To Arrest or Not to Arrest ? India’s Position on the Arrest of Ships Pending Arbitration

Ayesha Qazi*

The interplay between Maritime Law and Arbitration has been long subsisting. The international character of Maritime Law and the convenience of arbitration encourages parties to resort toitto settle their disputes.

A valuable relief afforded by Maritime Law is the right of a claimant to arrest a ship as security for its claims. With the paradigm shift from traditional litigation to arbitration, it has been observed that a recurring question before Indian Courts is whether a ship can be arrested as security pending arbitration proceedings, especially where there is a foreign seat of arbitration and if so, what procedure ought to be followed. This article thus seeks to examine the current position of Indian Courts. However, before doing so, one must appreciate how this position came to be.

The Position Prior to the Codification of Admiralty Law

Indian Courts, on numerous occasions, have had the opportunity to determine various facets of this question. One of the very first cases to address this issue was Golden Progress[1].The Bombay High Court, by answering this question affirmatively, relied on the important principle laid down in the famous case of M.V. Elizabeth[2]wherein a distinction was drawn between in rem and in personam proceedings, to distinguish obtaining security for arresting a ship under Maritime Law (an action in rem) from obtaining security for an award that has been or may be passed under Arbitration law (an action in personam).

It is to be noted here that the judgment in the Golden Progress was pronounced at a time where no procedure for the arrest of a ships security existed in India. The Court in its reasoning had stated that in the absence of any domestic law or inconsistency with the domestic law, where a ship was sought to be arrested in order to satisfy a judgment or award of an arbitral tribunal, the procedure followed would be that akin to Article VII of the International Convention on the Arrest of Ships, 1999 (“the Arrest Convention”). Thus, Golden Progress was a pivotal judgment in so far as it not only decided a very important question relating to the arrest of a ship as security but also laid down a procedure for the same. However, it must be highlighted that the aforesaid case dealt with a situation where arbitration proceedings were completed and an award was obtained, leaving the question of arrest of a ship as security for a claim pending future arbitration or ongoing proceedings unanswered.

Likewise, in the case of M.V. Prapti[3], the Calcutta High Court whilst relying on an English judgment[4] held that although a claim in an arbitration and a claim in an admiralty suit were similar, arrest of a ship to secure the said maritime claim was permissible as it is based on common law procedure and thus, is not an abuse of process by a Court.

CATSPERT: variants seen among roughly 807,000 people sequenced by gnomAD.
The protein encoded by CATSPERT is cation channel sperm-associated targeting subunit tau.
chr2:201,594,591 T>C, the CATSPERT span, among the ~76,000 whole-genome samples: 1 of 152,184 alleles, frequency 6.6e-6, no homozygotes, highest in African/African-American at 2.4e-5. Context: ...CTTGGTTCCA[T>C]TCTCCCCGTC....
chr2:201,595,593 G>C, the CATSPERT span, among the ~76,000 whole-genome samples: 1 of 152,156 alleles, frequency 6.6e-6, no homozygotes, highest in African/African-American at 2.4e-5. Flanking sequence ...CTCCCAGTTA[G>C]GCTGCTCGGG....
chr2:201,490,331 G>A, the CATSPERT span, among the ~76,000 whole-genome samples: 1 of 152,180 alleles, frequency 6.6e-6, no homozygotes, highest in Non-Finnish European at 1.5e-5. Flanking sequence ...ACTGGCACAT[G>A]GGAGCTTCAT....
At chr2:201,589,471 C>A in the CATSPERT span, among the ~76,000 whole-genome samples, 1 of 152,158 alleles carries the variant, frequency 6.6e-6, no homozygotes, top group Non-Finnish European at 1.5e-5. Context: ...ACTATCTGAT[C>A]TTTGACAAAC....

Likewise, reckoning its judgment on a similar reasoning, the Bombay High Court in M.V. Mehrab[5], held that principles incorporated in various Arrest Conventions find their roots in common law and in turn, are part of common law in India. The Court even went a step further in stating that the law ought to be looked at in a contemporary context. The Court also placed reliance on laws of foreign states such U.S.A. and Canada to show the general international notion, permitting the arrest of ships as security pending arbitration. Since, there was nothing in Indian law prohibiting the use of admiralty jurisdiction to arrest a ship for this purpose, the Court held that the same was permissible to secure a claim in a future or an ongoing arbitration.

Subsequently, in M.V. Monchegorsk[6], the Court laid down that in personam proceedings are no bar to admiralty actions in rem.

The Issue with the Enactment of the Admiralty Act

A perusal of the above mentioned judgments cements the historic position of Indian Courts to permit arrest of a ship, whether foreign or domestic, as security; either anticipating, pending or on the completion of admiralty proceedings notwithstanding the seat of the said proceedings. It is noted that the reasons upon which Indian Courts based their judgments ranged from identifying elements of common law forming the basis of ship arrest to treating actions in rem and actions in personam on separate footings. Although the Courts based their decisions on different reasonings, the general view was to permit the arrest of a ship as security for arbitration.

However, this position was taken prior to the enactment of the Admiralty (Jurisdiction and Settlement of Maritime Claims) Act, 2017 (“the Admiralty Act”). The enactment of the Admiralty Act has been long awaited. An important provision in the Admiralty Act is the codified claimant’s right to arrest a ship[7]. Additionally, the Arbitration and Conciliation Act, 1996 (“the Arbitration Act”)which bestows a right upon parties to apply for interim measures pending arbitration proceedings, was made to apply to foreign seated arbitrations. Thus, a claimant seeking interim relief pending a foreign seated arbitration can approach Indian Courts[8] to obtain the same.

Although one may be inclined to think a ship maybe arrested as an interim measure under Section9 of the Arbitration Act, it has been held that this falls squarely outside the scope of interim measures as contemplated under the said Section[9].This is likely to be a result of the lack of jurisdiction of an Arbitral Tribunal to have a ship arrested. It is well-settled law that only a Court having admiralty jurisdiction can arrest a ship while it is also well-settled that “no man can confer or take away jurisdiction of a Court”. Hence, one can confidently infer that since, the Admiralty Act, 2017 bestows admiralty jurisdiction only on a handful of High Courts[10], Arbitral Tribunals lack admiralty jurisdiction and therefore, cannot arrest a ship. Conversely, while the Admiralty Act, 2017makes no express provision permitting the arrest of a ship to provide security in foreign seated arbitrations, the Arrest Convention permits the same[11]. Therefore, this begs for the question whether the enactment of the Admiralty Act, 2017would alter the procedure of arrest laid down in Golden Progress[12]and the line of precedents permitting ships to be arrested despite an ongoing foreign seated arbitration? Moreover, can Indian Courts arrest a ship as security for a claim, notwithstanding Section 5 of the Arbitration Act[13]? This question was recently decided by the Bombay High Court in Altus Uber[14].